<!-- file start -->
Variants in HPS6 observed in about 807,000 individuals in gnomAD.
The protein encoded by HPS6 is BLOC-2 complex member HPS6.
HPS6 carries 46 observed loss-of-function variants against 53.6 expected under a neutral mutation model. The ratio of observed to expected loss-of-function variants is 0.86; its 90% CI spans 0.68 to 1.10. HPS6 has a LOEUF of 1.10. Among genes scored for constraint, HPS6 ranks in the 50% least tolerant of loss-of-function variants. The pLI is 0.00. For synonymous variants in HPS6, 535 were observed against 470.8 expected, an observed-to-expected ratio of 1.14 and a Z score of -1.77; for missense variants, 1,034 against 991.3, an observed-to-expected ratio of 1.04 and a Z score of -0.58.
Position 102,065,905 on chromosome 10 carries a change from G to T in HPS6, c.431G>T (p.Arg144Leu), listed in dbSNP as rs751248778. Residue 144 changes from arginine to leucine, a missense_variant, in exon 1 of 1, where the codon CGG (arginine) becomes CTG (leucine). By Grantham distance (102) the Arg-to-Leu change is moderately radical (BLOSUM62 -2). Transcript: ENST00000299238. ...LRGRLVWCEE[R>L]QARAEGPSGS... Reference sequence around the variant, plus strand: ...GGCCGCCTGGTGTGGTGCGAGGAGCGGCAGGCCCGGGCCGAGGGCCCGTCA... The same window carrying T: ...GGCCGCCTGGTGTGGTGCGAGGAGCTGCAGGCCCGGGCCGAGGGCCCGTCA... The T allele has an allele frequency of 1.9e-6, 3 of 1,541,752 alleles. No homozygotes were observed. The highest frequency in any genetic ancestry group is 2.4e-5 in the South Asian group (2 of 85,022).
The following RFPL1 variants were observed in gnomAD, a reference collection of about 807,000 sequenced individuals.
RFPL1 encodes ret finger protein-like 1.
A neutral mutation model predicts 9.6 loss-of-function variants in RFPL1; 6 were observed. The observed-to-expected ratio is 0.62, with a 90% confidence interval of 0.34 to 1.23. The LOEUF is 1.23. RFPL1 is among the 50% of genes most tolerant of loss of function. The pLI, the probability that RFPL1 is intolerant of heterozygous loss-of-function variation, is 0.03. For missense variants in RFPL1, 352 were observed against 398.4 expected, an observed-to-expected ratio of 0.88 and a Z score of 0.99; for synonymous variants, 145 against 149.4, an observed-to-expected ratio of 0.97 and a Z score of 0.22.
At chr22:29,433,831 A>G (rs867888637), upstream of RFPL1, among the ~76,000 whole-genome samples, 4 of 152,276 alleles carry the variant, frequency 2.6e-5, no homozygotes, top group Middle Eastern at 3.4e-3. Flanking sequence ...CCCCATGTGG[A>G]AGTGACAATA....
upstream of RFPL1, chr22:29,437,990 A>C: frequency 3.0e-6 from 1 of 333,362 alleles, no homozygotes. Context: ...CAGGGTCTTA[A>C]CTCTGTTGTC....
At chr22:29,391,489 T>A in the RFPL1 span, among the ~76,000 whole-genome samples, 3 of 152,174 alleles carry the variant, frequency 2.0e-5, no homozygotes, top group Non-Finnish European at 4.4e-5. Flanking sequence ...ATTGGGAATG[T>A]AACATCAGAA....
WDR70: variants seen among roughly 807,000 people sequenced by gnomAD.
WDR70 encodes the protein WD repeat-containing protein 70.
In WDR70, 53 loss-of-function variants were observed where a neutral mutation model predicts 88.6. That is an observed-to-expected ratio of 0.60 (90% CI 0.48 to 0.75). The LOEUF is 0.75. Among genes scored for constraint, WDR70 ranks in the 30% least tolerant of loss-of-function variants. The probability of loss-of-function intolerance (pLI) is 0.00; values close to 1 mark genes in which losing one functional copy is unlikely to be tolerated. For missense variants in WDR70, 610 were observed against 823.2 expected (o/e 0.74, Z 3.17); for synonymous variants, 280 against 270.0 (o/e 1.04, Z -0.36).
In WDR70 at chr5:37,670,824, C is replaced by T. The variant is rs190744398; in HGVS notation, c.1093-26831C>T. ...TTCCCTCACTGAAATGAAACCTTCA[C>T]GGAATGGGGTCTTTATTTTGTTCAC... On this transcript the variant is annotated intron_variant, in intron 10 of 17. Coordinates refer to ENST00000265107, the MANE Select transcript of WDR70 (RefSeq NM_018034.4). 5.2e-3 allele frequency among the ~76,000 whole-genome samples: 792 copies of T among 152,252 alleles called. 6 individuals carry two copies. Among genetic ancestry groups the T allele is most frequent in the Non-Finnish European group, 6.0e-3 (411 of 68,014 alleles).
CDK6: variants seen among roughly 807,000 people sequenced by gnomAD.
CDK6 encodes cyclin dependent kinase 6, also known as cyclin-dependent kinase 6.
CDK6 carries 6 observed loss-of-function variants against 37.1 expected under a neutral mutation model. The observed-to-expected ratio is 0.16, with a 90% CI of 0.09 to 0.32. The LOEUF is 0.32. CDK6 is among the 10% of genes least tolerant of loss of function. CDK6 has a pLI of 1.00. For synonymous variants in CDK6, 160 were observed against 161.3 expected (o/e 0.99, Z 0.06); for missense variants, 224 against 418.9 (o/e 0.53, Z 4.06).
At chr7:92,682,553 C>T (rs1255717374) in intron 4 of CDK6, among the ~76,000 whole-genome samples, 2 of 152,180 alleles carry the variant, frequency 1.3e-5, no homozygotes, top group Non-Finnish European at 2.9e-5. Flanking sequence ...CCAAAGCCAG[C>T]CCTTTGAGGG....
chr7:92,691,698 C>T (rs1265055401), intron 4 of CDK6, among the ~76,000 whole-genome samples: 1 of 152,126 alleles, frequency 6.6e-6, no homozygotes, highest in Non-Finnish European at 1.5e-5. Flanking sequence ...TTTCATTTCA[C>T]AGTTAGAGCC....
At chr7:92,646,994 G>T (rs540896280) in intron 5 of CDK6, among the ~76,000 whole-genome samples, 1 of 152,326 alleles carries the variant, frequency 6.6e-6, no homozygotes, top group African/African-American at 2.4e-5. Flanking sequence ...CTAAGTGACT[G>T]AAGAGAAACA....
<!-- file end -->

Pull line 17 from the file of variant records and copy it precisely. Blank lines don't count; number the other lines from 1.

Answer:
CDK6 carries 6 observed loss-of-function variants against 37.1 expected under a neutral mutation model. The observed-to-expected ratio is 0.16, with a 90% CI of 0.09 to 0.32. The LOEUF is 0.32. CDK6 is among the 10% of genes least tolerant of loss of function. CDK6 has a pLI of 1.00. For synonymous variants in CDK6, 160 were observed against 161.3 expected (o/e 0.99, Z 0.06); for missense variants, 224 against 418.9 (o/e 0.53, Z 4.06).